I saw an example of code that where hash function is applied to tuple. As a result it returns a negative integer. I wonder what does this function does. Google does not help. I found a page that explains how hash is calculated but it does not explain why we need this function.

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    Did you look at the docs... – TerryA Jul 11 '13 at 5:34
  • go to this link (official documentation). It specifies everything. go to link! – tailor_raj Jul 11 '13 at 5:42
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    I like that the question is not a repeat of "what is it" but a "why we need it". – dnozay Jul 11 '13 at 7:15

A hash is an fixed sized integer that identifies a particular value. Each value needs to have its own hash, so for the same value you will get the same hash even if it's not the same object.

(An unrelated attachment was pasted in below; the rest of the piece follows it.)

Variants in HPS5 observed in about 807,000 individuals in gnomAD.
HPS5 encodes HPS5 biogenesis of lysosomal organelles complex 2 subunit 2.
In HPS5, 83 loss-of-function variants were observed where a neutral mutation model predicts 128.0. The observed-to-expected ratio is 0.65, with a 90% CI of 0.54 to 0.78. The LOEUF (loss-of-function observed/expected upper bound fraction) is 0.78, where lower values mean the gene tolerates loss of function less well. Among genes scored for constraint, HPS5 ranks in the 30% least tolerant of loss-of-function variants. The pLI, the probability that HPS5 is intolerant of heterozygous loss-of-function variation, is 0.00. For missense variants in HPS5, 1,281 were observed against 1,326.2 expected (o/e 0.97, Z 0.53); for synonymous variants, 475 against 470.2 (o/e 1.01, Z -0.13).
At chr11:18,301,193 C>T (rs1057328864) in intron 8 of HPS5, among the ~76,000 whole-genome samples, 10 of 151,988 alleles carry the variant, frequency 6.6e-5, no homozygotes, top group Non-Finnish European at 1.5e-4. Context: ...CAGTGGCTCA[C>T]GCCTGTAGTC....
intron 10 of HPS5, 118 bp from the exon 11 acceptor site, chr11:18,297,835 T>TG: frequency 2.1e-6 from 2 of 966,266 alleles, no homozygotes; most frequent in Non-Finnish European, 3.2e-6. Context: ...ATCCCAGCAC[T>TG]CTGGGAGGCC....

>>> hash("Look at me!")
>>> f = "Look at me!"
>>> hash(f)

Hash values need to be created in such a way that the resulting values are evenly distributed to reduce the number of hash collisions you get. Hash collisions are when two different values have the same hash. Therefore, relatively small changes often result in very different hashes.

>>> hash("Look at me!!")